The whole policy of the Portuguese, who came to India in 1498, was to bring the Indian Christians under their concept of Roman Catholicism. The Bramhins Prabhu and other high-class Hindus who were prudently and ceremoniously converted were treated by the Portuguese with honor and distinction. In stark contrast, was the attitude of the Portuguese to those groups who were engaged in cultivation, fishing and other rural occupations handed down to them by their ancestors. These groups were given neither education, not proper instructions in the dogmas and doctrines of the church. Among the converts the Portuguese made, it cannot be denied that a large number of them were descendants of the Christian Community founded by Apostle St. Bartholomew . But these new converts were not strangers to the old Christians. They were their own people with whom they had been living for centuries. The Portuguese however welded them into one community. Ever since then, this community has remained a separate entity, without becoming one with any of the other Christian community. In certain instances, they were even referred to as "Portuguese Christians". With the defeat of the Portuguese at the hands of the Marathas and later on the advent of the British, there came a lot of change. In the 1960s, the Archdiocese of Bombay estimated that there were 92,000 East Indians in Mumbai out of which 76,000 were in suburban Mumbai and 16,000 in urban Mumbai.[1]
[edit] British and modern era
Main articles: History of Bombay under British rule and Bombay Presidency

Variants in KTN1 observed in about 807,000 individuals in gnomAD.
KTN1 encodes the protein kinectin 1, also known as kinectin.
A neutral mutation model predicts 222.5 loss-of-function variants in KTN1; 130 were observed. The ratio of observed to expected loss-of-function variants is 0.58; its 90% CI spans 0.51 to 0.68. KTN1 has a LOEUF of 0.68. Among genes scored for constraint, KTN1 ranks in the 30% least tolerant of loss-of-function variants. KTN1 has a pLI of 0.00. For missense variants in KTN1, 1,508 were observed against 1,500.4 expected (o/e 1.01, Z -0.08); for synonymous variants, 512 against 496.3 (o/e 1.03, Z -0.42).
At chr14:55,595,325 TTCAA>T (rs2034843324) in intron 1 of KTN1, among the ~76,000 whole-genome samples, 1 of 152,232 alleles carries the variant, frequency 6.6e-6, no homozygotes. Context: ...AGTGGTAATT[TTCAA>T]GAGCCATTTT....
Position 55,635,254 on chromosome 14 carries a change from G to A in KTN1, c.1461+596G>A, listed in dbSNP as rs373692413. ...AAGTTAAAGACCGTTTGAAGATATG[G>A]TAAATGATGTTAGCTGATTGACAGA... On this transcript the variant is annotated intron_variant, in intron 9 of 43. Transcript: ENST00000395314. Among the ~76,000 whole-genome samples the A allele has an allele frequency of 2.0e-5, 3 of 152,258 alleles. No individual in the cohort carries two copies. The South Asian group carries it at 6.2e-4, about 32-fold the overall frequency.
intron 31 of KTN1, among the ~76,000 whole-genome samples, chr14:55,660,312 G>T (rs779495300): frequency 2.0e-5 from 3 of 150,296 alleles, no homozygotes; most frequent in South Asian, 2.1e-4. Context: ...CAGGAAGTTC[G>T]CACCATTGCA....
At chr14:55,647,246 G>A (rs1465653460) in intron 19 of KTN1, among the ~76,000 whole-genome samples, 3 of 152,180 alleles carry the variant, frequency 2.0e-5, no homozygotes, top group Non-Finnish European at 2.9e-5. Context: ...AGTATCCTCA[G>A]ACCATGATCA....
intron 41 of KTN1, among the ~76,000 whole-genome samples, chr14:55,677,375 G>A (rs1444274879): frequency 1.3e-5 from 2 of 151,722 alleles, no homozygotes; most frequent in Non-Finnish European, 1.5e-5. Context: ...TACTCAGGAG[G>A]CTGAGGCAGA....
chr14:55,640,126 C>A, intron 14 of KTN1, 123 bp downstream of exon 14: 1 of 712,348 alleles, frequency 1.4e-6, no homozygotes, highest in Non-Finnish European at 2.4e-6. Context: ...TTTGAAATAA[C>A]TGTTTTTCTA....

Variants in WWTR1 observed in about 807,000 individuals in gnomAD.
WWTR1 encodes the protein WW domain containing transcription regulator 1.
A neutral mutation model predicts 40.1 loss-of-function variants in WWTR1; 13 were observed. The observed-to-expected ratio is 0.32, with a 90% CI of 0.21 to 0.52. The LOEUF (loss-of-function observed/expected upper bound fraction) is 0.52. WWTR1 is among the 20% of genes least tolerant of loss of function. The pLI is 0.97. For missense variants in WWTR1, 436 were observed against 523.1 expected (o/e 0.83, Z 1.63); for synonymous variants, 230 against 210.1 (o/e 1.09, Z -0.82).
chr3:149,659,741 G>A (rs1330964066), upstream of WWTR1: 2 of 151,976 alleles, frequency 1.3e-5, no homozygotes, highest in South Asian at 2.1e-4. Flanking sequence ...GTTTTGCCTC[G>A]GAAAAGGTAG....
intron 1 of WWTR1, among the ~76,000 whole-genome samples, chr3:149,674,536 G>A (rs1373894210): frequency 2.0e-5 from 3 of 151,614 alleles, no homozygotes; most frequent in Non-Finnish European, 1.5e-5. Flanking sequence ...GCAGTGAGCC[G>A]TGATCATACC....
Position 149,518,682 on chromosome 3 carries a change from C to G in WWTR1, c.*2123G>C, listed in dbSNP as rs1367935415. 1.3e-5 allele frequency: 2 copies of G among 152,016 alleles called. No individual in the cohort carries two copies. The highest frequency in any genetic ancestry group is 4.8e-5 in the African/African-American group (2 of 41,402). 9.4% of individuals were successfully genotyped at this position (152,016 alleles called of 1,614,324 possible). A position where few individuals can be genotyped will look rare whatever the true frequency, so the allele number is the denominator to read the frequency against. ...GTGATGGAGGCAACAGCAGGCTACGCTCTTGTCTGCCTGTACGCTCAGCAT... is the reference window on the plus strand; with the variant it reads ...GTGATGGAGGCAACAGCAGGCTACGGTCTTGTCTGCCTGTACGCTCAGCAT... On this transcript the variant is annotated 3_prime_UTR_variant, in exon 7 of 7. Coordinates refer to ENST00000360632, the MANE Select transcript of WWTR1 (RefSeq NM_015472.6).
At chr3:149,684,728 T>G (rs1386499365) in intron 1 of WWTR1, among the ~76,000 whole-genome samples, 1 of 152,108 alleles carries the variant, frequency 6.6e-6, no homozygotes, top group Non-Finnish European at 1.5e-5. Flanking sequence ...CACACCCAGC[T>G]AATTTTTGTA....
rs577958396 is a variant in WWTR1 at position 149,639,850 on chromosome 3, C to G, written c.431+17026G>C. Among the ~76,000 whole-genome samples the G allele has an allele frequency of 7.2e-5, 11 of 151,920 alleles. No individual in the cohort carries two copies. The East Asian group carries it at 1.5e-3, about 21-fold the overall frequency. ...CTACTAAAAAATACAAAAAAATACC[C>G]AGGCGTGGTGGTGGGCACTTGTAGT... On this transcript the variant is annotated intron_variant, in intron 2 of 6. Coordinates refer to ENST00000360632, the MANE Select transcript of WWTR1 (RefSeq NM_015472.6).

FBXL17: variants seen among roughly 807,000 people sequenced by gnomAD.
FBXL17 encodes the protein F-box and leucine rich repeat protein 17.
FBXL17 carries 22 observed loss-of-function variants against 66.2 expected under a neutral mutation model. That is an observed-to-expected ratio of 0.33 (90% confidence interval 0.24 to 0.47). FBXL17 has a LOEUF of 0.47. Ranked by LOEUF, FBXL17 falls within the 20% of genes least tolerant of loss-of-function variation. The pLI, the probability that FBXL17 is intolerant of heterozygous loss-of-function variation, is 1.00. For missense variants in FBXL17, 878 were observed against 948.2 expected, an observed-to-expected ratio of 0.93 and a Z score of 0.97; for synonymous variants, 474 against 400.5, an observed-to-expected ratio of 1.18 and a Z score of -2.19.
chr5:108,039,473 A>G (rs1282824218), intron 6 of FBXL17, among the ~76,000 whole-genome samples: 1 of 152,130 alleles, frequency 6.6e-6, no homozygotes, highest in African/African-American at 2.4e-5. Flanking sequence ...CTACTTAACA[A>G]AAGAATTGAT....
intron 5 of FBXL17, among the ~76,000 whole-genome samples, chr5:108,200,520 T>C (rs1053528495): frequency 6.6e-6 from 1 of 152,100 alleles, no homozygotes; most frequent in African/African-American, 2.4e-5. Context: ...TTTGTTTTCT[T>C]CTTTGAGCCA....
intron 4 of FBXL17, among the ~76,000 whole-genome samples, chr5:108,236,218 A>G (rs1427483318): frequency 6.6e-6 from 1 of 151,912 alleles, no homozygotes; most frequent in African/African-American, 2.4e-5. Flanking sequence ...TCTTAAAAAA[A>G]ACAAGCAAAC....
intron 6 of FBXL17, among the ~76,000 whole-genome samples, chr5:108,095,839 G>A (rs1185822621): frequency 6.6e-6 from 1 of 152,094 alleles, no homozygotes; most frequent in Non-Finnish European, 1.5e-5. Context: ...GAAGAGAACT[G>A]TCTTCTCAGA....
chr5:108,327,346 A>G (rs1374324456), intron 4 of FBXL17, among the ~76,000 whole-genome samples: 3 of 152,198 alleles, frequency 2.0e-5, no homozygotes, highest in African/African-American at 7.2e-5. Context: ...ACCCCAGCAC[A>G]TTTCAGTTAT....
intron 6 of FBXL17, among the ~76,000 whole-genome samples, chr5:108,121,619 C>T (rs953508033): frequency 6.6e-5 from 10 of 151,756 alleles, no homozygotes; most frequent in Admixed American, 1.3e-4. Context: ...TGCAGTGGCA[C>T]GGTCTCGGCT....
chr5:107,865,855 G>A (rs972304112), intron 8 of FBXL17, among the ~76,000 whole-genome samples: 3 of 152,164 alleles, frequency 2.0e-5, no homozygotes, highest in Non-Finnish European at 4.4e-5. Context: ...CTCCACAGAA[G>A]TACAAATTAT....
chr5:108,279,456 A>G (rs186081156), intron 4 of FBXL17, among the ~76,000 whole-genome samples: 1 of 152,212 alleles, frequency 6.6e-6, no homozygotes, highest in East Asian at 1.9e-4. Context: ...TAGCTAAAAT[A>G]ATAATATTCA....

On 11 May 1661, the marriage treaty of Charles II of England and Catherine of Braganza, daughter of King John IV of Portugal, placed Bombay in the possession of the British Empire, as part of Catherine's dowry to Charles.[3] From the early days of the East India Company, there were no other Indian Christians in the North Konkan except the East Indian Catholics. Employments that were intended for the Christians, were the monopoly of the East Indians. With development, came in railways and steamship, a boon for the traveling public. And with that came a number of emigrants from Goa which were also known as Portuguese Christians. The British found it expedient to adopt a designation which would distinguish the Christians of North Konkan who were British subjects and the Goan and Mangalorean Catholics who were Portuguese subjects. Accordingly on the occasion of The Golden Jubilee of Queen Victoria, the Christian of North Konkan, who were known as "Portuguese Christians" discarded that name and adopted the designation "East Indian”. By the adoption of the name "East Indian" they wanted to impress upon the British Government of Bombay that they were the earliest Roman Catholic Subjects of the British Crown in this part of India, in as much as Bombay, by its cession in 1661, was the first foothold the British acquired in India. As the children of the soil, they urged on the Government, that they were entitled to certain natural rights and privileges as against the emigrants.[2]
[edit] Culture

Although, they have preserved their pre-Christian Marathi culture and traditions, many Portuguese and influences have been absorbed. They speak in exclusive East-Indian marathi dialects. Most of them are fluent in English as well. A village of East-Indians who to this day speak Portuguese. The language of the Kupari Christians is a dialect of Marathi known as Shamedi. The East Indian cuisine is a unique blend of Koli, Marathi, and Portuguese cuisine. They still retain many of the practises of pre-Christian tradition. Most of the East Indian women wear typical Maharashtrian saree and Koli dresses.[4] . East Indian ladies also wear the Mangalsutra. The East Indians of Vasai also practise the pre-Christian tradition of visiting the Vajrayogini temple every year.

There are five broad cultural groups of East Indians - Kulbis, Samvedi Christians, Koli Christians, Vadvals, Salsette Christians and the urbanized section.
[edit] Prominent East Indians

* Gonsalo Garcia: Roman Catholic saint from India
* Joseph Baptista: Indian freedom activist.
* Michael Ferreira: amateur player of English billiards
* Gavin Ferreira: olympic hockey player
* Luke Mendes - Film Maker [His film Dog Eat Dog was an official selection at the Festival De Cannes 2007